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Ernst Gruenfeld vs Savielly Tartakower
Grünfeld - Tartakower (1922), Vienna AUT, rd 1, Jun-25
Queen's Gambit Declined: Tartakower. Exchange Variation (D57)  ·  0-1

ANALYSIS [x]

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Kibitzer's Corner
Nov-26-14  Karpova: This game was played in the German Chess Club Vienna. Grünfeld annotated the game (I only give some excerpts).

On 1...d5, Grünfeld notes that recently <1...Nf6> became more popular. Both, Bogoljubov's <2.Nf3 e6 3.c4 Bb4+> and Grünfeld's <2...g6>, are sufficient for Black to equalize. He refers to his article "Das Pistyaner Turnier in seiner Bedeutung für die Eröffnungslehre" (Arbeiter-Schachzeitung, number 9/10).

3...Nf6: Tarrasch's <3...c5> has vanished from tournament play completely, since White has several good ways of handling it. The best one is the variation introduced by Schlechter and elaborated (<ausgearbeitet>) by Rubinstein - <4.cxd5 exd5 5.Nf3 Nc6 6.g3! Nf6 7.Bg2 Be6 8.0-0 Be7 9.dxc5 Bxc5 10.Na4! Be7 11.Be3! b6 12.Nd4> (Reti vs Tarrasch, 1922).

Grünfeld considers 5.Nf3 to be slightly better than <5.e3> (<5.Nf3 dxc4 6.e4!>).

According to Grünfeld, 6...h6 was only played to avoid theory. It's usually not advisable to drive the ♗ to h4 in the Orthodox Defense, since White can avoid the trade against the ♗e7 later (<...dxc4 Bxc4 ...Nd5 Bg3>).

9...Be6: <9...Bb7> is in accordance with the position, but White plays <.Ne5> and <.f4> and gets an attacking position, against which no antidote has been found yet.

13.Ba6<!>

With 14...Bh4, Tartakower was already planning the exchange sacrifice, since he felt he had been outplayed. The sacrifice is not sound, though. Grünfeld gives <14...Bb4! 15.Bb7 Bxc3+ 16.bxc3 Qe7 17.0-0 Rad8 18.Ba6 Nf6> instead.

16.Bxa8<!> (<16.hxg3 Rb8 17.Bxd5 Bxd5 18.Nxd5 Re8+ 19.Ne3 Nf6 20.0-0 Re4> and the d-♙ becomes too weak, according to Grünfeld).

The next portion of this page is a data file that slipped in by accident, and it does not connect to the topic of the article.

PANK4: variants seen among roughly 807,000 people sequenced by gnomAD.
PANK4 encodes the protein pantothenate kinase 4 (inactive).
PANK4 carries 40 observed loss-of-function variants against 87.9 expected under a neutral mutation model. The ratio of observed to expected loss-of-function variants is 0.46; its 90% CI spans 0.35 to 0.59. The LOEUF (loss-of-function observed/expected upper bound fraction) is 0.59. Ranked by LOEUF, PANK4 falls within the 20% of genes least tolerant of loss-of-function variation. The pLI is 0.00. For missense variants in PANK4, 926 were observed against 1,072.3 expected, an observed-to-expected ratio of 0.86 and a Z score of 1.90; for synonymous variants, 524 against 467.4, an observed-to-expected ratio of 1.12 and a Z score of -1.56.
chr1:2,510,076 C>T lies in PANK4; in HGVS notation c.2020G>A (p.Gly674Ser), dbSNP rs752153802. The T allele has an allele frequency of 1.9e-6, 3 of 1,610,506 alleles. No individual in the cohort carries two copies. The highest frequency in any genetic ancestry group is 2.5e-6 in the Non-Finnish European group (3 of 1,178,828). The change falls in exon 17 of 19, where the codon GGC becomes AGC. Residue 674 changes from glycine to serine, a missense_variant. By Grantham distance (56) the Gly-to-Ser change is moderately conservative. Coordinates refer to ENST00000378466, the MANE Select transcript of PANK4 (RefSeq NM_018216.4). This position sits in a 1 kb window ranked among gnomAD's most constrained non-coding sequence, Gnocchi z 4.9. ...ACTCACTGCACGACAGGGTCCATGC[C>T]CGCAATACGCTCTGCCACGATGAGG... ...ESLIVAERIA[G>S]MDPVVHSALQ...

Grünfeld gives <22.Qd3! Bf5 (or 22...f5 or 22...Nxc3 23.Qxg6) 23.Rhf1 Qd6+ 24.Kg1> as much clearer for Wite.

Grünfeld suggests <27.h4>.

According to Grünfeld, weaker than 27...f4 was <27...Qxe5+ 28.dxe5 e3 29.Rfd1> and the White ♖s invade the Black position (and White has a passed ♙).

30.Rc6<?> Grünfeld gives <30.Rc7> (sample line <30.Rc7 Rf7 31.Rc6 Re7 32.d5 Bxd5 33.Rxh6 Kg7 34.Rd6 Bb7 35.a4>. Now the Black ♔ can advance and support the passed ♙s.

33...e3<!>

36.Rd7 threatens to win the ♗ (<37.Re7+ Kf5 38.Re5+>), but I wonder if 36...Rf7 was not a better way to meet the threat, than 36...Re8.

On 37.Rg7, Grünfeld notes that also <37.Kg1> would be insufficient to save the game (<37.Kg1 Be6! 38.Rg7 e2 39.Re1 Ke3 40.Rg5 Bxh3! 41.gxh3 f3>).

39.Bxg2<!>

Source: 'Österreichische Schachrundschau', July 1922, issue 5, pp. 34-36

Sep-17-15  leow: What happens after 40 Rg2 ?
Sep-17-15  Nerwal: 40. ♔xg2 ♔e3! 41. ♔g1 f3 42. ♖g3 ♖g8 43. ♖xe2+ ♔xe2 44. ♖xg8 f2+ - Tartakower
Sep-18-15  leow: To answer my own question: after 40Rg2 follows 40...f3 41 Rf2 Ke3 and its all over
Sep-18-15
Premium Chessgames Member
  keypusher: What if White plays 40.Kxg2 Ke3 41.Rf5?
41....Rg8+ 42.Kh2 Kf2 43.Rc1 and does Black have more than a draw?
Dec-09-18  sudoplatov: This seems like the first game with the Tartakover system: combination of ...h6 and ...b6 and ...Be6. These moves were played previously but not necessarily in the same position. The Fianchetto (...b6) was common (Pillsbury-Tarrasch 1895); ..Be6 is often played in the Tarrasch defence; ...h6 is iffy (though in combination with ...Ne4 it's OK); the question is whether the Pawn on h6 is a target or not.

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